• Ben commented on Apr 17

      It’s amazing how powerful the while pay yourself first tactic can be. It’s a very simple piece of advice, but it really is the key. One of my favorite ways to improve your finances because once you’ve committed to saving on a periodic basis right out of your paycheck or checking account you don’t have to feel so guilty about spending the leftovers because you’re already ahead of the game.

  3. Grant commented on Apr 17

    As an aside, the other interesting thing about doctors (and probably other professionals) is that they are overconfident, and think that they can do well at investing – beat the market etc. There is also an intellectual failure. They are quite familiar with the literature in their chosen field, but are not familiar with the financial literature. So, in general, this makes doctors terrible investors.

    • Ben commented on Apr 17

      Good point. I hear about this all the time from advisors. It’s difficult for intelligent people to admit they don’t have what it takes to succeed in another arena. Same thing with engineers. They all want it to be scientific but the markets don’t work that way.

  4. Mark Zoril commented on Apr 17

    I have certainly observed over the years how many of my clients are able to change their behavior. Some of them need to be jolted by an event such as unemployment, an unexpected bill, etc. Others can actually have the sense of purpose necessary to do it on their own. But it certainly can be done. What is nice to see is how gratifying it is for the people that are able to do it and then maintain the behavior going forward. They feel very liberated by it.

    • Ben commented on Apr 17

      Yes, it’s unfortunate that people sometimes need to have that rock-bottom moment before turning things around, but that’s how it works for many. Glad you have witnessed so many people change their habits over the years.

  5. The Friday Feast ~ The 17th of April | ThinkSaveRetire.com commented on Apr 17

    […] Can people really change their financial behavior? This was the question asked by A Wealth of Common Sense. I agree with him that they can, it just takes work, thought and perseverance. One tip that helped us starting out was saving immediately (ie: never letting the money go into our checking account). It’s much easier to save what’s not there to spend. […]

  6. Scott Boone commented on Apr 17

    To paraphrase an old saying, you need to “…save early, save often.” However, making paycheck by paycheck decisions of whether or not to save is a bad idea. Better to set up an automated savings transfer so that the decision is one step removed. Even better is an automated transfer to a retirement vehicle that is harder to withdraw from. Starting out small helps to make the development of this habit less painful, which can be increased with each increase in salary. Cash bonus awards are a little harder to manage as there is a temptation to reward yourself from the sudden windfall. However, I have always encouraged clients to bank the money for awhile before making any spending decisions as this will often allow the immediate spending urge to pass.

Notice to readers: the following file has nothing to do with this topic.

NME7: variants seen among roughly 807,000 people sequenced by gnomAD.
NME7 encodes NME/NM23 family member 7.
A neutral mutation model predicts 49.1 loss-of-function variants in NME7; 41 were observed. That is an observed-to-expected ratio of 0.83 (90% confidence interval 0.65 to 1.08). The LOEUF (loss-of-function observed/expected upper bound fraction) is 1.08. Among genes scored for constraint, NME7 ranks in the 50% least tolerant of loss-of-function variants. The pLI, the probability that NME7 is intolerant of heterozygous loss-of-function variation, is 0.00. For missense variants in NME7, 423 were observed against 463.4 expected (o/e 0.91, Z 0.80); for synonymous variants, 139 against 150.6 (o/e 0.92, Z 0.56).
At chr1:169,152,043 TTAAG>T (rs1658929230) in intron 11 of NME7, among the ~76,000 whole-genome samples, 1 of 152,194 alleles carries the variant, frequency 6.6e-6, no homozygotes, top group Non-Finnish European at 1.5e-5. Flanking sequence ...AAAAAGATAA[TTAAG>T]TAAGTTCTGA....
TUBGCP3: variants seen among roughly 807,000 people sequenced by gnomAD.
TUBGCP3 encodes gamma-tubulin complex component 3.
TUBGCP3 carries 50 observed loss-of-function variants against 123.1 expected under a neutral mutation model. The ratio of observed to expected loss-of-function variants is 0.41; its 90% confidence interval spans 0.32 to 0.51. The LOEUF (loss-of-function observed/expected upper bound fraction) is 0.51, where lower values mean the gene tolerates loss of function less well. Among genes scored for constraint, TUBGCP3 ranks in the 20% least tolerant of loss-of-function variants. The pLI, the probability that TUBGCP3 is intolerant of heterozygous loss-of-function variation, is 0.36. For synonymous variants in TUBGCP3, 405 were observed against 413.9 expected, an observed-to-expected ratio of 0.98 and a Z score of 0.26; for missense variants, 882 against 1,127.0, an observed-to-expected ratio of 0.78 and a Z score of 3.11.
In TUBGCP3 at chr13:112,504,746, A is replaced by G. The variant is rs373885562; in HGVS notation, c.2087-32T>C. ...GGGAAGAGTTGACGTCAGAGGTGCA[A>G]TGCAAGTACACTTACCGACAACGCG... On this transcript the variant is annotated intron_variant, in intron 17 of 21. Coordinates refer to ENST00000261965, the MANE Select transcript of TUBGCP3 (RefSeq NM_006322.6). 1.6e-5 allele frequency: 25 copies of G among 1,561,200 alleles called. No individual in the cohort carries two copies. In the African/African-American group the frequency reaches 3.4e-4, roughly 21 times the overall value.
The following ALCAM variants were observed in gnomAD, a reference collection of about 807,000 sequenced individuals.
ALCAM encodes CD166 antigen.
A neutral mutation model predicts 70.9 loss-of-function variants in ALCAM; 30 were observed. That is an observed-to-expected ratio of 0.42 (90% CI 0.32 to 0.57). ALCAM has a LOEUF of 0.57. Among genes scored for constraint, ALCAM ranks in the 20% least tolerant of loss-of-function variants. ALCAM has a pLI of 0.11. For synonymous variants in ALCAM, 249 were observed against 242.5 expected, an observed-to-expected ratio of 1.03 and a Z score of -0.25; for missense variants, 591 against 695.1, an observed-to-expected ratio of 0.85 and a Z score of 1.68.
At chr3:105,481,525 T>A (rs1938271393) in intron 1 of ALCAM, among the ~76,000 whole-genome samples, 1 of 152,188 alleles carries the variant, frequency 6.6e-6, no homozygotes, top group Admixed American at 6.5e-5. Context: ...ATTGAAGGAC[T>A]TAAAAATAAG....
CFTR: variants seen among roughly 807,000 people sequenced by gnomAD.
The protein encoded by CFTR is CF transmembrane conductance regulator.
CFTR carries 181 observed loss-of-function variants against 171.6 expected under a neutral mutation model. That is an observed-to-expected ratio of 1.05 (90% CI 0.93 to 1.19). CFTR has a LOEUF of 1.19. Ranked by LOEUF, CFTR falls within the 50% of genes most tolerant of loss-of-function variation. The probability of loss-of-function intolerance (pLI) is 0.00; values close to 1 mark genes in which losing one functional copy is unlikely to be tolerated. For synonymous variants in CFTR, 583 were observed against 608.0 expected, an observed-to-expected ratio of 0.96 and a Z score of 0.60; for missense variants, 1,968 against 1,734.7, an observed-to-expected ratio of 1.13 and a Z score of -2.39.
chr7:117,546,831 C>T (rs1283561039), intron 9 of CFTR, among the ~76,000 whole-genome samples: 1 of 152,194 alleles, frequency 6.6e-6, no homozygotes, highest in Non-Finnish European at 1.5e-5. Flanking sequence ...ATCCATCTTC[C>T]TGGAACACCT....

• Ben commented on Apr 17

      Yup, I actually wish they would make it harder on people to withdraw from their retirement accounts. Even the taxes and penalties don’t do it for most. I’ve always thought people need to treat themselves every once and a while so somehow figure out a good split for a bonus between savings and carefree spending. But waiting is usually a good option too.

  7. AaronA commented on Apr 17

    My parents ALWAYS saved 10% of dad’s paycheck every week,, even when he was making $1.00 per hour. The most he ever made per year was $5,000, but they left an estate of $200,000 when they died. Their estate was more than my father made during his entire life!

    • Ben commented on Apr 17

      Wow. That’s a great story. Thanks for sharing.

  8. Gen Y Finance Guy commented on Apr 22

    Good advice from the Doc. I was admit when I graduated college to immediately max out my 401K contribution so I never got use to seeing that money.

    The % of income has gotten much smaller over the years as my income has gone up. It has been great to not even think twice about maxing out a 401K. I know many in my generation (Gen Y) are lucky to be contributing the 5-6% of their income to get the company match.

    Actually many older people barely contribute enough to get the match.

    I am constantly trying to convince people to raise the % they contribute.

    Between my wife and I we save 40-50% of our gross income every year. We only get to spend more when we earn more.

    Cheers!

    • Ben commented on Apr 22

      That’s great. You’re almost certainly in the minority of people who have taken that path. Nice works. I agree that sometimes you have to grow into your savings rate and watch the % shrink over time.

      Also, a good incentive for you to continue to try to improve your future earnings power. Nice to hear a success story.

    • Gen Y Finance Guy commented on Apr 23

      I meant to write I was adamant not admit…stupid iphone

  9. Can People Really Change Their Financial Behavior? | Tamma Capital | Personalized Investing for Your Future commented on Jun 22

    […] Ben Carlson at the A Common Sense was recently asked if people could change their financial behavior and he answered yes but not without learning hot to "implement systems and change how they think about their finances." But beyond developing a system that would allow you to live without your means, a person has to make a conscious decision that this is something that they want to do and see the benefits in doing so.   Habits, Life Planning, Retirement & Wealth Planning […]

  10. john c commented on Jul 18

    Wondering if the type of financial system and controls needed to live below your means and therefore accumulate wealth will depend on personality type. I know there are studies on MBTI and income. Are there any studies related to MBTI and networth or approaches to saving? I am an INTJ and have never found much difficulty living below my means largely because I take a longer term view. It seems a lot of personal finance bloggers dole out similar advice but it just seems to me different approaches for different personalities. What’s your take? Any recommended books on the subject?